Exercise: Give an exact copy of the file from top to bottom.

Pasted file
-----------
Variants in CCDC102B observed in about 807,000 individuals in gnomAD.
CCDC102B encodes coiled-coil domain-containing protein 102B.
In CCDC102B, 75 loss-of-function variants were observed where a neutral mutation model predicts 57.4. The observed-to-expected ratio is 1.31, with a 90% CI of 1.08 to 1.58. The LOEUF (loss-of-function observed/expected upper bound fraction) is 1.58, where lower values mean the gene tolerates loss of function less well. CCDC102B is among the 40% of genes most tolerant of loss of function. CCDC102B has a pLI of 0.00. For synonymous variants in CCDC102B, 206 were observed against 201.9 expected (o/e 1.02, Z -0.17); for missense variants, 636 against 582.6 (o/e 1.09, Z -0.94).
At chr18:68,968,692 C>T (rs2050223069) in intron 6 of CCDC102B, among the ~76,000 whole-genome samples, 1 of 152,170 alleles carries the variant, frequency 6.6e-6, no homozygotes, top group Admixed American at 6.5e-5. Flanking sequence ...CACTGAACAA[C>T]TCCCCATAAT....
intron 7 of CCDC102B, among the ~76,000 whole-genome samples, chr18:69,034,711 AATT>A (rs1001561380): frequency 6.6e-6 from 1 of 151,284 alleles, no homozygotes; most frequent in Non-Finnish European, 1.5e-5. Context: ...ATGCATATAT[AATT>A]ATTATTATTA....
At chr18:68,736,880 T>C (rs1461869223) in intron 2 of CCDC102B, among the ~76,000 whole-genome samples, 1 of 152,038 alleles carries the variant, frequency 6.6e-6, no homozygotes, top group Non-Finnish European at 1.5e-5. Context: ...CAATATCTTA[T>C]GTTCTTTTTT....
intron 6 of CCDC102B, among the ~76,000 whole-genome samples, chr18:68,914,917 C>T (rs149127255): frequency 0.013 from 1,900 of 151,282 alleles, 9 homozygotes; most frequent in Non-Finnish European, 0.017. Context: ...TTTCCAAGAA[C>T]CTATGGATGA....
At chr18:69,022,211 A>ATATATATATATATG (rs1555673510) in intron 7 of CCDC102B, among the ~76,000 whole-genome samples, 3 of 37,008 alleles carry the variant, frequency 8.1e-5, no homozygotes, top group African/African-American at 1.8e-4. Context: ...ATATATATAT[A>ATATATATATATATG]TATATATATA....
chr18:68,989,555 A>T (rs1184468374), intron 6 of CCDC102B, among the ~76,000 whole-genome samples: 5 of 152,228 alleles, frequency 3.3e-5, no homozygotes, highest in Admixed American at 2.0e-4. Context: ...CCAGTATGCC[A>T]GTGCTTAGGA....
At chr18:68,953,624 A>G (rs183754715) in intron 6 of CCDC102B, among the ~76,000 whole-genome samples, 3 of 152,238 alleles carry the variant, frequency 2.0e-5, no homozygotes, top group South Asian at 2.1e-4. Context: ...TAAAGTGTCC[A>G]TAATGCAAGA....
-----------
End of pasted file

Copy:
Variants in CCDC102B observed in about 807,000 individuals in gnomAD.
CCDC102B encodes coiled-coil domain-containing protein 102B.
In CCDC102B, 75 loss-of-function variants were observed where a neutral mutation model predicts 57.4. The observed-to-expected ratio is 1.31, with a 90% CI of 1.08 to 1.58. The LOEUF (loss-of-function observed/expected upper bound fraction) is 1.58, where lower values mean the gene tolerates loss of function less well. CCDC102B is among the 40% of genes most tolerant of loss of function. CCDC102B has a pLI of 0.00. For synonymous variants in CCDC102B, 206 were observed against 201.9 expected (o/e 1.02, Z -0.17); for missense variants, 636 against 582.6 (o/e 1.09, Z -0.94).
At chr18:68,968,692 C>T (rs2050223069) in intron 6 of CCDC102B, among the ~76,000 whole-genome samples, 1 of 152,170 alleles carries the variant, frequency 6.6e-6, no homozygotes, top group Admixed American at 6.5e-5. Flanking sequence ...CACTGAACAA[C>T]TCCCCATAAT....
intron 7 of CCDC102B, among the ~76,000 whole-genome samples, chr18:69,034,711 AATT>A (rs1001561380): frequency 6.6e-6 from 1 of 151,284 alleles, no homozygotes; most frequent in Non-Finnish European, 1.5e-5. Context: ...ATGCATATAT[AATT>A]ATTATTATTA....
At chr18:68,736,880 T>C (rs1461869223) in intron 2 of CCDC102B, among the ~76,000 whole-genome samples, 1 of 152,038 alleles carries the variant, frequency 6.6e-6, no homozygotes, top group Non-Finnish European at 1.5e-5. Context: ...CAATATCTTA[T>C]GTTCTTTTTT....
intron 6 of CCDC102B, among the ~76,000 whole-genome samples, chr18:68,914,917 C>T (rs149127255): frequency 0.013 from 1,900 of 151,282 alleles, 9 homozygotes; most frequent in Non-Finnish European, 0.017. Context: ...TTTCCAAGAA[C>T]CTATGGATGA....
At chr18:69,022,211 A>ATATATATATATATG (rs1555673510) in intron 7 of CCDC102B, among the ~76,000 whole-genome samples, 3 of 37,008 alleles carry the variant, frequency 8.1e-5, no homozygotes, top group African/African-American at 1.8e-4. Context: ...ATATATATAT[A>ATATATATATATATG]TATATATATA....
chr18:68,989,555 A>T (rs1184468374), intron 6 of CCDC102B, among the ~76,000 whole-genome samples: 5 of 152,228 alleles, frequency 3.3e-5, no homozygotes, highest in Admixed American at 2.0e-4. Context: ...CCAGTATGCC[A>T]GTGCTTAGGA....
At chr18:68,953,624 A>G (rs183754715) in intron 6 of CCDC102B, among the ~76,000 whole-genome samples, 3 of 152,238 alleles carry the variant, frequency 2.0e-5, no homozygotes, top group South Asian at 2.1e-4. Context: ...TAAAGTGTCC[A>G]TAATGCAAGA....